In the process of unwinding from my last trip, I indulged in a short marathon of my TV pleasures, including The Walking Dead, The Flash and (germane to this post) Arrow. Specifically, I had a moment in watching The Secret Origin of Felicity Smoak that inspired me to stop watching and write. In it, one of the principle characters (the aforementioned Felicity, played by Emily Bett Rickards, is visited by her mother, Donna (played to the hilt by Charlotte Ross). Donna, as we learn, is a cocktail waitress from Las Vegas, and is somewhat of an embarrassment to her daughter. Her father was a genius who disappeared at some point, leaving Donna to raise Felicity on her own. It’s worth noting here that Felicity is a genius in the tech world. (And part of a long running storyline with Firestorm, one of my favorite characters, who may be introduced in the Flash series at some point. But I digress.)
ANYWAY, at one point Felicity is held at gunpoint (long story). Donna threatens her captor (Cooper, a former boyfriend, played by Nolan Funk), who is as submissive as buy guy code dictates. Here’s the relevant exchange:
Donna: Don’t you dare threaten my daughter.
Cooper: And here I thought you were all nails and hair.
Donna: Try a single mom who’s worked 60 hour weeks in six in heels for tips in order to raise that genius child you see right there.
(Truth, I get a little teary watching that scene. What? I’m not a robot!)
Look, we all have responsibilities that we deal with. It’s part of growing up. But it is easy to forget that the normal sacrifices we make on a regular basis to do right by those tiny humans we dragged into this world are magnified for the single parents among us. Even if they aren’t alone, the splitting of the martial unit, for any reason, amplifies the burden on the primary caregiver. (If you are a parent, and the phrase “primary caregiver” makes you wonder if that is you, it isn’t.)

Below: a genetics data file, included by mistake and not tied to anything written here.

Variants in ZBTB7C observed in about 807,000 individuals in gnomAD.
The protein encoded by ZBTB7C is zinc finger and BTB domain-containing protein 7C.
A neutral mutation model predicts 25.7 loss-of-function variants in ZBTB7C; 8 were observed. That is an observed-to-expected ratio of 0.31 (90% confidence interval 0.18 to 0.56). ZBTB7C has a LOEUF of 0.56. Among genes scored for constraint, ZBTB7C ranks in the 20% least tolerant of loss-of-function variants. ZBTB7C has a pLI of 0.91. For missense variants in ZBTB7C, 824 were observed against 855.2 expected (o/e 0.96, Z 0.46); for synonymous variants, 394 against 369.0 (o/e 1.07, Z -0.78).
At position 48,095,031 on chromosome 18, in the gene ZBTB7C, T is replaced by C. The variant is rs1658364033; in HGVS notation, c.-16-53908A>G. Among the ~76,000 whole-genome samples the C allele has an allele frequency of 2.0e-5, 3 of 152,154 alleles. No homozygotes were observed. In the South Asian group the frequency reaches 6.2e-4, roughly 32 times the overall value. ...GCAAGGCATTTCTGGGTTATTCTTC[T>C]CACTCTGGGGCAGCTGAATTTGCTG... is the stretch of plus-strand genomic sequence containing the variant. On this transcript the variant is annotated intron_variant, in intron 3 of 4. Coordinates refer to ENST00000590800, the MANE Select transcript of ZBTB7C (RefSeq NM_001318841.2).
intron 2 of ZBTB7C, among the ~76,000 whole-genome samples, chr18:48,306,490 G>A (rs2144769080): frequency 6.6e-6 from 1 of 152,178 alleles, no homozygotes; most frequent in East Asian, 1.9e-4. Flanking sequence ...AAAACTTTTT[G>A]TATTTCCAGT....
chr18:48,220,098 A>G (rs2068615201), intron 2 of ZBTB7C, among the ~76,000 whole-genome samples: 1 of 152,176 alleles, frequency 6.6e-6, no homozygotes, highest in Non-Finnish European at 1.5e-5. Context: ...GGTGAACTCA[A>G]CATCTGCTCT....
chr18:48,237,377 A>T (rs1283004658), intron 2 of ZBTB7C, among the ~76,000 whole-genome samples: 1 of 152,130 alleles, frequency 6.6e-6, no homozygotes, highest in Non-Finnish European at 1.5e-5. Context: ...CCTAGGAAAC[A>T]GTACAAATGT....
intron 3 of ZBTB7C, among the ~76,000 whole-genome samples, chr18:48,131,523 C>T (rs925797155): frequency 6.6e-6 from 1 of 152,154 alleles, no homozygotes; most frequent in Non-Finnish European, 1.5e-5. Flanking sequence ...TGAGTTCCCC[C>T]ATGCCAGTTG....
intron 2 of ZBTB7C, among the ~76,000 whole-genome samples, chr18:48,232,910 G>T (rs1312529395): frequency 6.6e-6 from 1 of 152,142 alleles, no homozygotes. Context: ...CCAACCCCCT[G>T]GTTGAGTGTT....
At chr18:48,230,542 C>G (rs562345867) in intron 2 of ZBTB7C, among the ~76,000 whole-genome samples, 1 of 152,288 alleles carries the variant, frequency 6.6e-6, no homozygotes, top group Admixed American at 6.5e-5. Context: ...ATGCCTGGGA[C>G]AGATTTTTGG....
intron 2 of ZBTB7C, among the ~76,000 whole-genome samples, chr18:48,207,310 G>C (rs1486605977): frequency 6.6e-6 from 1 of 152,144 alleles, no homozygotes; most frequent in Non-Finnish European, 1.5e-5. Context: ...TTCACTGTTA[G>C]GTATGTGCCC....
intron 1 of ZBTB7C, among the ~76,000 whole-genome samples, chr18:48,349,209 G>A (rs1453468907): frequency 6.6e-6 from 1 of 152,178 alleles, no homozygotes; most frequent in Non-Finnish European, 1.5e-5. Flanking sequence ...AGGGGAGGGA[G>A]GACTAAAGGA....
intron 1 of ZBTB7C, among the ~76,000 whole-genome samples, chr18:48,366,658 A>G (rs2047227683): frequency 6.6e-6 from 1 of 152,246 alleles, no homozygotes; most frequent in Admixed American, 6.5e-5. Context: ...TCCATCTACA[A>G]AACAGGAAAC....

For most of us, we work to provide something better for the next generation than we had. For the singles, from those I know, there is something else as well. A drive to succeed in the face of their challenge. To overcome the perceived deficit faced by a child of divorce. The need to prove that you can do right by your children and by yourself. And you can. As has been proved so many times over.
This isn’t a groundbreaking thought, and it’s not one that many will argue with. But I’ll say it anyway. I respect the hell out of the single moms and dads that I know, including both those that have managed to work out a co-parenting scheme and those that haven’t. Out jobs as parents is to raise the next round of adults, and the burden laid at their feet is not just difficult, but critical to our society as a whole. Thank you for your service and your moxie. You all deserve more recognition than you are likely to get. But my pledge to you is that I will buy you the beverage of your choice, day or night, any time you can find me.
It’s not much, but it’s the least I can do.